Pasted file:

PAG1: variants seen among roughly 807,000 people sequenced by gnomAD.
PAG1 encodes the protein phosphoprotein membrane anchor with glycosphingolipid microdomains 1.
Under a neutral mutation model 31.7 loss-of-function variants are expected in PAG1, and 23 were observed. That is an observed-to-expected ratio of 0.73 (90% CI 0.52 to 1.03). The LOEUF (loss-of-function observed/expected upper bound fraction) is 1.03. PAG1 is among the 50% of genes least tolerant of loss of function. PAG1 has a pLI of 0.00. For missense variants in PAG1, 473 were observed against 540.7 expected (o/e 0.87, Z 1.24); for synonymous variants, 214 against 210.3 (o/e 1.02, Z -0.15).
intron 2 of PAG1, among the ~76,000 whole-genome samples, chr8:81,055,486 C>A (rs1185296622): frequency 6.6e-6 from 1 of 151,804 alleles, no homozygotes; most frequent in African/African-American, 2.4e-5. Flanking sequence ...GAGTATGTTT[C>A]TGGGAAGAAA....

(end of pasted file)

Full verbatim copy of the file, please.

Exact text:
PAG1: variants seen among roughly 807,000 people sequenced by gnomAD.
PAG1 encodes the protein phosphoprotein membrane anchor with glycosphingolipid microdomains 1.
Under a neutral mutation model 31.7 loss-of-function variants are expected in PAG1, and 23 were observed. That is an observed-to-expected ratio of 0.73 (90% CI 0.52 to 1.03). The LOEUF (loss-of-function observed/expected upper bound fraction) is 1.03. PAG1 is among the 50% of genes least tolerant of loss of function. PAG1 has a pLI of 0.00. For missense variants in PAG1, 473 were observed against 540.7 expected (o/e 0.87, Z 1.24); for synonymous variants, 214 against 210.3 (o/e 1.02, Z -0.15).
intron 2 of PAG1, among the ~76,000 whole-genome samples, chr8:81,055,486 C>A (rs1185296622): frequency 6.6e-6 from 1 of 151,804 alleles, no homozygotes; most frequent in African/African-American, 2.4e-5. Flanking sequence ...GAGTATGTTT[C>A]TGGGAAGAAA....